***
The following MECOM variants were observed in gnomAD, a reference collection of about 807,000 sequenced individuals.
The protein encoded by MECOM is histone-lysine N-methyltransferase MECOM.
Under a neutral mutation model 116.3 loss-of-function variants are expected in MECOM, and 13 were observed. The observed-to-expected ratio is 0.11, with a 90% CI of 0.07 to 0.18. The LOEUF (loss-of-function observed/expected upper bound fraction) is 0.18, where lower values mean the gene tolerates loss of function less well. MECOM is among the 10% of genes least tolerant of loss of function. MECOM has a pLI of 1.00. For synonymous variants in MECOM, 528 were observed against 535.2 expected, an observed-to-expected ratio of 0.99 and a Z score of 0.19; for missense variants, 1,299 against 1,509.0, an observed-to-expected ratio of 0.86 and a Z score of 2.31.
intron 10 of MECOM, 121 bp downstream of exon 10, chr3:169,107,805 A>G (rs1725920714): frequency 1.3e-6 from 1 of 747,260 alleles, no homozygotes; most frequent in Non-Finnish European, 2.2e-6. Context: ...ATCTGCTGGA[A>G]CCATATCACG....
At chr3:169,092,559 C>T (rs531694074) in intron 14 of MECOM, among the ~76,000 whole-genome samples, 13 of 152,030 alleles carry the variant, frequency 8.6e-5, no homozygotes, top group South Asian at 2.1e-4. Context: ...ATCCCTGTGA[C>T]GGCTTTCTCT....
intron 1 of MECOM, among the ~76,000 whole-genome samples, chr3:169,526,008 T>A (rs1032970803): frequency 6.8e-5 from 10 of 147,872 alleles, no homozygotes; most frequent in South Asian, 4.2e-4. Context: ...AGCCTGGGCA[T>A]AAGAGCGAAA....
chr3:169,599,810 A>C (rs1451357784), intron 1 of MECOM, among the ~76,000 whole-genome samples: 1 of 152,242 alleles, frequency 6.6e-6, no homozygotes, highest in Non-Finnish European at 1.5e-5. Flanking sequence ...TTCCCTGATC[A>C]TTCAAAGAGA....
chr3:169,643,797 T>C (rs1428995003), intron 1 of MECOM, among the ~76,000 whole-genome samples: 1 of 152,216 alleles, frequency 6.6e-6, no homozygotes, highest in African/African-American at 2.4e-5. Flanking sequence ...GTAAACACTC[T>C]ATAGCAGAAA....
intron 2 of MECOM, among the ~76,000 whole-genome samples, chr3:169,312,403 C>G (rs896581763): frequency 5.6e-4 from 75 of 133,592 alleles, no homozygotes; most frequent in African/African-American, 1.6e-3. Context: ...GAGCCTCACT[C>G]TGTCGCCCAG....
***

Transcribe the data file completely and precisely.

The following MECOM variants were observed in gnomAD, a reference collection of about 807,000 sequenced individuals.
The protein encoded by MECOM is histone-lysine N-methyltransferase MECOM.
Under a neutral mutation model 116.3 loss-of-function variants are expected in MECOM, and 13 were observed. The observed-to-expected ratio is 0.11, with a 90% CI of 0.07 to 0.18. The LOEUF (loss-of-function observed/expected upper bound fraction) is 0.18, where lower values mean the gene tolerates loss of function less well. MECOM is among the 10% of genes least tolerant of loss of function. MECOM has a pLI of 1.00. For synonymous variants in MECOM, 528 were observed against 535.2 expected, an observed-to-expected ratio of 0.99 and a Z score of 0.19; for missense variants, 1,299 against 1,509.0, an observed-to-expected ratio of 0.86 and a Z score of 2.31.
intron 10 of MECOM, 121 bp downstream of exon 10, chr3:169,107,805 A>G (rs1725920714): frequency 1.3e-6 from 1 of 747,260 alleles, no homozygotes; most frequent in Non-Finnish European, 2.2e-6. Context: ...ATCTGCTGGA[A>G]CCATATCACG....
At chr3:169,092,559 C>T (rs531694074) in intron 14 of MECOM, among the ~76,000 whole-genome samples, 13 of 152,030 alleles carry the variant, frequency 8.6e-5, no homozygotes, top group South Asian at 2.1e-4. Context: ...ATCCCTGTGA[C>T]GGCTTTCTCT....
intron 1 of MECOM, among the ~76,000 whole-genome samples, chr3:169,526,008 T>A (rs1032970803): frequency 6.8e-5 from 10 of 147,872 alleles, no homozygotes; most frequent in South Asian, 4.2e-4. Context: ...AGCCTGGGCA[T>A]AAGAGCGAAA....
chr3:169,599,810 A>C (rs1451357784), intron 1 of MECOM, among the ~76,000 whole-genome samples: 1 of 152,242 alleles, frequency 6.6e-6, no homozygotes, highest in Non-Finnish European at 1.5e-5. Flanking sequence ...TTCCCTGATC[A>C]TTCAAAGAGA....
chr3:169,643,797 T>C (rs1428995003), intron 1 of MECOM, among the ~76,000 whole-genome samples: 1 of 152,216 alleles, frequency 6.6e-6, no homozygotes, highest in African/African-American at 2.4e-5. Flanking sequence ...GTAAACACTC[T>C]ATAGCAGAAA....
intron 2 of MECOM, among the ~76,000 whole-genome samples, chr3:169,312,403 C>G (rs896581763): frequency 5.6e-4 from 75 of 133,592 alleles, no homozygotes; most frequent in African/African-American, 1.6e-3. Context: ...GAGCCTCACT[C>G]TGTCGCCCAG....